The internationalisation of the British construction consulting sector and technology transfer in developing countries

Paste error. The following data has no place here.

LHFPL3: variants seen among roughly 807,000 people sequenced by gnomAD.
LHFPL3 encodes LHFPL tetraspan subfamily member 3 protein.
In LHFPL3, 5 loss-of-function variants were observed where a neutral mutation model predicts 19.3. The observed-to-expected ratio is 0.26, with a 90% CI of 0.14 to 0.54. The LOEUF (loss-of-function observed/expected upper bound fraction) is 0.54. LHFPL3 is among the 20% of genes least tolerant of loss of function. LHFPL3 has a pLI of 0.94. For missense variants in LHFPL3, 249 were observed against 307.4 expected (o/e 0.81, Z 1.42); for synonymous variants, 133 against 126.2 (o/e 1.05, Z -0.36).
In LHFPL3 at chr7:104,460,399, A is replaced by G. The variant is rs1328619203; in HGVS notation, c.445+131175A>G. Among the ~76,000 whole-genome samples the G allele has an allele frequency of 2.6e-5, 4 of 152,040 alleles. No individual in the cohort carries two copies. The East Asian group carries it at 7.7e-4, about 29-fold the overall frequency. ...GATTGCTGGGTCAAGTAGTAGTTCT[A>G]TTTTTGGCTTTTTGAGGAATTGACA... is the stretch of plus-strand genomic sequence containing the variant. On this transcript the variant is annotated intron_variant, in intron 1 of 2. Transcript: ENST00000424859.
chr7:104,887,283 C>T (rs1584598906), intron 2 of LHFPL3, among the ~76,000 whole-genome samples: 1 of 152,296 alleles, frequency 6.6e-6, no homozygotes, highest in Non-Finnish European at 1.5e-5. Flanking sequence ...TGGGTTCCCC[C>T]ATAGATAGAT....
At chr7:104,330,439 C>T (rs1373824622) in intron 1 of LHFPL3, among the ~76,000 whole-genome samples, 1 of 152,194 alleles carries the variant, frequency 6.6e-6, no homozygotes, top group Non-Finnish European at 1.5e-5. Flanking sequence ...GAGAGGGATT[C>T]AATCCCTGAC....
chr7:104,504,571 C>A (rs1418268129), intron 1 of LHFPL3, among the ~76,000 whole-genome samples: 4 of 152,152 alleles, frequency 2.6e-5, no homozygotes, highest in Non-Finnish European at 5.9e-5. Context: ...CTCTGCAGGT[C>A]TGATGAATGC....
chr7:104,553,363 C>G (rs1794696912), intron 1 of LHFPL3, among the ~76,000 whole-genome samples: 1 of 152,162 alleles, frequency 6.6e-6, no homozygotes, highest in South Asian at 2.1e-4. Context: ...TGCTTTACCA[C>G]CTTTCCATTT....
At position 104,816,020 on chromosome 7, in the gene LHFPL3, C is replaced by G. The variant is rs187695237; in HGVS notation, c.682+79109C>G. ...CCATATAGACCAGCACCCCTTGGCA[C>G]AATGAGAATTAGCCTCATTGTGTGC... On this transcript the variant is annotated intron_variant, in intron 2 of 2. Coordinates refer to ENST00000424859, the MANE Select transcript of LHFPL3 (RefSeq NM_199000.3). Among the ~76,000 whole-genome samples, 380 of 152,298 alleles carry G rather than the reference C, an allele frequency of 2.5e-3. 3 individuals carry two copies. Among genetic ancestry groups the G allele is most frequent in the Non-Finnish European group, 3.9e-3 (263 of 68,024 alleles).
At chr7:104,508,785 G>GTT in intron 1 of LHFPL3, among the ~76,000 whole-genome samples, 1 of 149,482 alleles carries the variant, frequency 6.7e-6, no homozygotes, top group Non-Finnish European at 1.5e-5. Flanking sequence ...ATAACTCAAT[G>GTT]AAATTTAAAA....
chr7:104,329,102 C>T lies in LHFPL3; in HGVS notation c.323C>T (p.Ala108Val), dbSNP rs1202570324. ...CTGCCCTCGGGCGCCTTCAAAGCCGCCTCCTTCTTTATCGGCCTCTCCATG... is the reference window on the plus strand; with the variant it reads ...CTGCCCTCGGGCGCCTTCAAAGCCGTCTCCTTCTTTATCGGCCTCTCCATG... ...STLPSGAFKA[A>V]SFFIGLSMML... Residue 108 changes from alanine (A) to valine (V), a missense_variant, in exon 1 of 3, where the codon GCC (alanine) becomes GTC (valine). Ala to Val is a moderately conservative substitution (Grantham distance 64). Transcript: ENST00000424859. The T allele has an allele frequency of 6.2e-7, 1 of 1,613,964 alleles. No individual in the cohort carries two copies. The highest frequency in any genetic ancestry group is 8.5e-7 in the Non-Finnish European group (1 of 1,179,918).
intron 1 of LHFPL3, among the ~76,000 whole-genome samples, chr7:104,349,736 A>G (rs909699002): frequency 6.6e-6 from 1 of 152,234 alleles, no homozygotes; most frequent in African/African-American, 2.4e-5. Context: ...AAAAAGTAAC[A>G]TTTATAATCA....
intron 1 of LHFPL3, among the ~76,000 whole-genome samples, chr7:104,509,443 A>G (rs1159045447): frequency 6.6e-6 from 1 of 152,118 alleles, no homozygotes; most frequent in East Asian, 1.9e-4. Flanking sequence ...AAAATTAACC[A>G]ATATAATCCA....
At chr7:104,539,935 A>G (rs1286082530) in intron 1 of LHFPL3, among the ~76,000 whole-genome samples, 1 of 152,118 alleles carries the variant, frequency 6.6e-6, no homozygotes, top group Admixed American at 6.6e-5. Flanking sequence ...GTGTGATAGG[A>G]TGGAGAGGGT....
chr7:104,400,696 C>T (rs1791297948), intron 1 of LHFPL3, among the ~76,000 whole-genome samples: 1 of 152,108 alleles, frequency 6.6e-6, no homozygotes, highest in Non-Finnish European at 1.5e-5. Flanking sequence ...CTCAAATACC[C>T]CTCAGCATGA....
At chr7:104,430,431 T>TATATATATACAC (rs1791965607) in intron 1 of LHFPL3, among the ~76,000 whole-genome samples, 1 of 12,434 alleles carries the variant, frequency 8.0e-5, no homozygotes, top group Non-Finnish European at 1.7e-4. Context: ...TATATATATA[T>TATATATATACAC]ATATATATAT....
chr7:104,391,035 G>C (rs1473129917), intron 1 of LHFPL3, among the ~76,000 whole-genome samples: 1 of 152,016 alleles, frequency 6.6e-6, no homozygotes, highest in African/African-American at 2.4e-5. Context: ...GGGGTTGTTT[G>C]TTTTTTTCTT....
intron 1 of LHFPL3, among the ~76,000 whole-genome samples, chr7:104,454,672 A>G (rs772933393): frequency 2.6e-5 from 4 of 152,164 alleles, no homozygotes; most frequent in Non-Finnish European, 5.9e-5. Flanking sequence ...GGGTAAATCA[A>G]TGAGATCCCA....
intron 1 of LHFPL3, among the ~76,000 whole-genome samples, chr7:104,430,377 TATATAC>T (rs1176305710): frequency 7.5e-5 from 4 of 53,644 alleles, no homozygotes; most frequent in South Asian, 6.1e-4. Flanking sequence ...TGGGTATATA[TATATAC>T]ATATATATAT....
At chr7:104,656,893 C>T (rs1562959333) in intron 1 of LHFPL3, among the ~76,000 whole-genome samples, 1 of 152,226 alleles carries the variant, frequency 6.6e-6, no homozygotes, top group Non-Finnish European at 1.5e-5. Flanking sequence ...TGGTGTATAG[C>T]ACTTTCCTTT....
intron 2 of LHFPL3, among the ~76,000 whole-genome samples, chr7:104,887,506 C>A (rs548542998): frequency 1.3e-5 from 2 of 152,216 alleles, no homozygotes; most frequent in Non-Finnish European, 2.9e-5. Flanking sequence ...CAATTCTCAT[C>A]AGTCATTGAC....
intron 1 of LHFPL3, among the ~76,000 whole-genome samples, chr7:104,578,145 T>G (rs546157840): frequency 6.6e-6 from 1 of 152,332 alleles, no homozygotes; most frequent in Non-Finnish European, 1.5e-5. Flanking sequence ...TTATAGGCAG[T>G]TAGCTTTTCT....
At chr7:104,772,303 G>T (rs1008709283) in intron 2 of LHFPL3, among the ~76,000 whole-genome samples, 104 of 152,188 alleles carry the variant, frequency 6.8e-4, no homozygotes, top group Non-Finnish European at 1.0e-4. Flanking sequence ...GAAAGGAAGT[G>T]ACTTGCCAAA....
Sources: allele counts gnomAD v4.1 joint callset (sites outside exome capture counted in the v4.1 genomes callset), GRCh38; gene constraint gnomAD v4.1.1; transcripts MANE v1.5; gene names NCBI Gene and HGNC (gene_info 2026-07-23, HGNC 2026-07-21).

The thesis was written against a backdrop of increasing international competition in the construction consulting sector when, at the same time, there was apparent growth in the requirements of developing countries for technology transfer. The opening chapters describe the industry including specific aspects of the British sector. A theoretical review is given on the eclectic theory, the stages of development approach, strategic theory and professional services literature, as well as technology transfer material and empirical studies relevant to the sector. The study itself is based upon a series of personal interviews with a range of construction firms, leading to sixteen cases being compiled, mostly for consulting firms but also for client organisations, aid agencies, contractors and suppliers. The interviews were also used to test hypotheses in four main areas of concern, covering the nature and extent of technology transfer, types of projects and firm, cooperative arrangements and long term implications. There were a number of findings: In construction consulting, technology transfer, consisting mainly of management know-how, is increasingly being required by overseas clients and aid agencies. Technology transfer changes the organisational structure of a firm, due to the greater need for staff at senior levels, with International experience. Newly internationalised firms, often medium-sized, can sometimes by-pass the stages of internationalisation by locating directly in client offices on technology transfer projects; while joint ventures occur, the role of established subsidiary offices is diminishing. Unlike contractors, construction consultants can sustain competitive advantage over time via technology transfer projects; clients can be accessed more effectively at lower cost and market information on new projects can be gleaned more readily. Wider conclusions were also discussed which had relevance for international business theory and policy of host governments and firms alike.